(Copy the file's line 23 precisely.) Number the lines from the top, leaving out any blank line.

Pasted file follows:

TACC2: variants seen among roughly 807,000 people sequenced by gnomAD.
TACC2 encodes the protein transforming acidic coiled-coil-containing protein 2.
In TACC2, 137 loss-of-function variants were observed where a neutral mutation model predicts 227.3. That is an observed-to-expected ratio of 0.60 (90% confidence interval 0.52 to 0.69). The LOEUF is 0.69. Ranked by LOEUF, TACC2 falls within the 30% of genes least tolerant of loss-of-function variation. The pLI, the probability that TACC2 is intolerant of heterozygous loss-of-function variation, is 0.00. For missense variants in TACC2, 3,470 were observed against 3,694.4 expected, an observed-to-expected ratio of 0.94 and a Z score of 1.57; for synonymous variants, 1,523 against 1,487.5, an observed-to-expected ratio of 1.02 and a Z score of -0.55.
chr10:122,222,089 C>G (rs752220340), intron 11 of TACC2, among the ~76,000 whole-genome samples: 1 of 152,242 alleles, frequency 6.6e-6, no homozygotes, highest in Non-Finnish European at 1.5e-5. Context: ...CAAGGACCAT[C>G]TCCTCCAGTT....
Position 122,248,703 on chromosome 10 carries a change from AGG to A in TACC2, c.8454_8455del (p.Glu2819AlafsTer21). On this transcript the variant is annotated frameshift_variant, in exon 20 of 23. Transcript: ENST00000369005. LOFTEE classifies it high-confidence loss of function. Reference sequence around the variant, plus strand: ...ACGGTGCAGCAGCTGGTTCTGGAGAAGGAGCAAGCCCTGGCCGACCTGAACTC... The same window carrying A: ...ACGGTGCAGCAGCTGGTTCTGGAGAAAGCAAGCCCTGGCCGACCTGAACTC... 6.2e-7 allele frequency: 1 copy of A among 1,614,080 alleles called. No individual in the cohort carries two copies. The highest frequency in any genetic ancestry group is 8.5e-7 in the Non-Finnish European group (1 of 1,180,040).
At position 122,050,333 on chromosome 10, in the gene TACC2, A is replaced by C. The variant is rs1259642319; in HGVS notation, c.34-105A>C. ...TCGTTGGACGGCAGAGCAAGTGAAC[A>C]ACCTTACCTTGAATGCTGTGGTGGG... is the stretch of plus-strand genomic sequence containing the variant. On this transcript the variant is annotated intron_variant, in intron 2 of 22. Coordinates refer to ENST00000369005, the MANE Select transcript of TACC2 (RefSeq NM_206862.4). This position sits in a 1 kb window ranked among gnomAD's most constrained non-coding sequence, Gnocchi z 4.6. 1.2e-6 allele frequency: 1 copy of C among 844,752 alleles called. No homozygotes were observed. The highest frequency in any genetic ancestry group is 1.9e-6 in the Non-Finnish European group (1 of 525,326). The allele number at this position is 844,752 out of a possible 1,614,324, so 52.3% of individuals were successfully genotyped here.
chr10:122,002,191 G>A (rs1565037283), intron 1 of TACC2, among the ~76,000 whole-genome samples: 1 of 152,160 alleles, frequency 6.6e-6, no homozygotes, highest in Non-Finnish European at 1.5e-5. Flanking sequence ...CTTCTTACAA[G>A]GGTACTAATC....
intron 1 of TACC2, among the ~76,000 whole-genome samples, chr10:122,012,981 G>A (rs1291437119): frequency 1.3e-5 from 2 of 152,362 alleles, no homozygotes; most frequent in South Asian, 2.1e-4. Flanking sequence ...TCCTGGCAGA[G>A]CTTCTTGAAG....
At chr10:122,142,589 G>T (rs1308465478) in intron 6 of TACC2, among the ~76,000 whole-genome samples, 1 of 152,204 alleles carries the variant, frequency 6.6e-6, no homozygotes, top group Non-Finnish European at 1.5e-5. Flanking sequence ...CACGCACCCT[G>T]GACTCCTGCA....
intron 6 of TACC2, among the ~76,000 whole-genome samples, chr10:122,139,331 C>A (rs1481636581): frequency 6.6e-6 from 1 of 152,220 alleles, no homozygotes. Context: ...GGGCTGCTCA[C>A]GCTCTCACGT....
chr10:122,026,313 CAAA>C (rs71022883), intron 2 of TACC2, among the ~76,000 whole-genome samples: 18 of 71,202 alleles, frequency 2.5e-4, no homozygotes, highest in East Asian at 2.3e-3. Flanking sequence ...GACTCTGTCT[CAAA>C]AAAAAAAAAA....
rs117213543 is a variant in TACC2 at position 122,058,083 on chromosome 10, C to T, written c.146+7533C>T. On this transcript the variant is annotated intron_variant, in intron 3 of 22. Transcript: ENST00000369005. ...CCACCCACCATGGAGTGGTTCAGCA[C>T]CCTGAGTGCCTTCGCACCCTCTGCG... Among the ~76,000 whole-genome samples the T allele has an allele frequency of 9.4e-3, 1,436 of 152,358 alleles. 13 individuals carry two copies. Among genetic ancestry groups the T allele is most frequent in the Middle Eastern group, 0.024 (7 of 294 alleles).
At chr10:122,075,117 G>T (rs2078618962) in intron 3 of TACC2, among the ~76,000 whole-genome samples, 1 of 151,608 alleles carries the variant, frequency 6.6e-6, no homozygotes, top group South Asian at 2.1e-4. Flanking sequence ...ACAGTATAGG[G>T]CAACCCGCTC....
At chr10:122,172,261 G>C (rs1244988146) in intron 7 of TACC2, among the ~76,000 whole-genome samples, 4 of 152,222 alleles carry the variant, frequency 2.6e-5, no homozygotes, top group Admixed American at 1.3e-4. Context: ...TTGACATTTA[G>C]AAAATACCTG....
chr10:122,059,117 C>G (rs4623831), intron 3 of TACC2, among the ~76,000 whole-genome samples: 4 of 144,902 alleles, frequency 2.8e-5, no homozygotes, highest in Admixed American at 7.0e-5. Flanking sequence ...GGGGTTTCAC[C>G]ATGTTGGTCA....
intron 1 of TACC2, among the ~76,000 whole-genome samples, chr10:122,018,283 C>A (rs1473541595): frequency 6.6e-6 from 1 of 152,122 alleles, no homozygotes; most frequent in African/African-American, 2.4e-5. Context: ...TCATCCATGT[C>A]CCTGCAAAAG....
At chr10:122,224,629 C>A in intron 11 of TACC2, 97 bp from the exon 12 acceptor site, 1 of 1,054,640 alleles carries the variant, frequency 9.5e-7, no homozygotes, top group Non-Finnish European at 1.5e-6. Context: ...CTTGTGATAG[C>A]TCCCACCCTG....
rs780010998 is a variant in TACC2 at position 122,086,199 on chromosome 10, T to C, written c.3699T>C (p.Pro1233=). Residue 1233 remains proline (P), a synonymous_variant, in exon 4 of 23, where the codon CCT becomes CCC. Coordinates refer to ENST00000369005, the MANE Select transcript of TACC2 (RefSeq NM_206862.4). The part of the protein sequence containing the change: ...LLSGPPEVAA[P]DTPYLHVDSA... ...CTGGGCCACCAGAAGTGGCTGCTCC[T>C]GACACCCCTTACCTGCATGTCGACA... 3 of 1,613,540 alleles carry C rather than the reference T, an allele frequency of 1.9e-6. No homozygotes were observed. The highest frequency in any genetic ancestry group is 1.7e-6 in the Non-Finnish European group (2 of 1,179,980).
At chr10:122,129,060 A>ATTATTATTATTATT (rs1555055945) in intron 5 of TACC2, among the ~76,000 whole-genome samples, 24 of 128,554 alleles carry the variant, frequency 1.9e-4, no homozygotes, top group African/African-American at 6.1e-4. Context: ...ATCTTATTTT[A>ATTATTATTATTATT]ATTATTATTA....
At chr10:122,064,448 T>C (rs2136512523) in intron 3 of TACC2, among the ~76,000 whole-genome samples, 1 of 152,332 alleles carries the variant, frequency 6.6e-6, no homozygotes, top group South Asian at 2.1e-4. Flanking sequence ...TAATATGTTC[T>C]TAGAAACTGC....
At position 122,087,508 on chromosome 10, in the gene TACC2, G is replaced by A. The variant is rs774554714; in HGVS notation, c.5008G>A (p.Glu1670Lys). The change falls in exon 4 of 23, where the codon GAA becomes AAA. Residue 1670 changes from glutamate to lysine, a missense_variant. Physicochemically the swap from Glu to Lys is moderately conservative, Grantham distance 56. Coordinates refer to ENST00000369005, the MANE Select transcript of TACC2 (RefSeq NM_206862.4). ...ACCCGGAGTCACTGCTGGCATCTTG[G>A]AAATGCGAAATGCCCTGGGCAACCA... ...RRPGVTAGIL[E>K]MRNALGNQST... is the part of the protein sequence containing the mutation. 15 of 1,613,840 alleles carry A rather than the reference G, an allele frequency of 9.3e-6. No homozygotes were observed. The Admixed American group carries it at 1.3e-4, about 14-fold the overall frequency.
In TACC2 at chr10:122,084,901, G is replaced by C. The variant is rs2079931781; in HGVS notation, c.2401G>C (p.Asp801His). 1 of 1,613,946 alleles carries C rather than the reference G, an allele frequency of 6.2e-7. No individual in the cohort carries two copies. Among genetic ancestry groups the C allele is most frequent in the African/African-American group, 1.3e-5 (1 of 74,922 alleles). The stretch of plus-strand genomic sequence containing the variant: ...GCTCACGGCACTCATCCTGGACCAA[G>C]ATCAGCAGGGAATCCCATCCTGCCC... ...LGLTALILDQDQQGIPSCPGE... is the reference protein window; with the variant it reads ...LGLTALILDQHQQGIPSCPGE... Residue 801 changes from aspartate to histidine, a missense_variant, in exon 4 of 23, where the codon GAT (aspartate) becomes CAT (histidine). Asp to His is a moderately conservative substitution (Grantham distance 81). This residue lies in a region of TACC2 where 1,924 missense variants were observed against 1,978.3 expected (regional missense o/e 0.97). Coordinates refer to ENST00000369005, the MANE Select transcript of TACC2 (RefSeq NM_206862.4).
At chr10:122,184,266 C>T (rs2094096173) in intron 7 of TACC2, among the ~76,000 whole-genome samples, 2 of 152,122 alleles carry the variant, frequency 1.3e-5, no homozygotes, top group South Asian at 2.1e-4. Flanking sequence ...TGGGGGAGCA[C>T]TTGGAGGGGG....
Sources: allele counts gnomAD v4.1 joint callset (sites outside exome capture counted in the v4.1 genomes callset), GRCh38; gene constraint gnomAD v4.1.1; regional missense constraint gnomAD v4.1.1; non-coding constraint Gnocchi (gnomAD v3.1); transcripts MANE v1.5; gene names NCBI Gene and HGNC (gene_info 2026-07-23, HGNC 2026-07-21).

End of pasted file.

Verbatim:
At chr10:122,184,266 C>T (rs2094096173) in intron 7 of TACC2, among the ~76,000 whole-genome samples, 2 of 152,122 alleles carry the variant, frequency 1.3e-5, no homozygotes, top group South Asian at 2.1e-4. Flanking sequence ...TGGGGGAGCA[C>T]TTGGAGGGGG....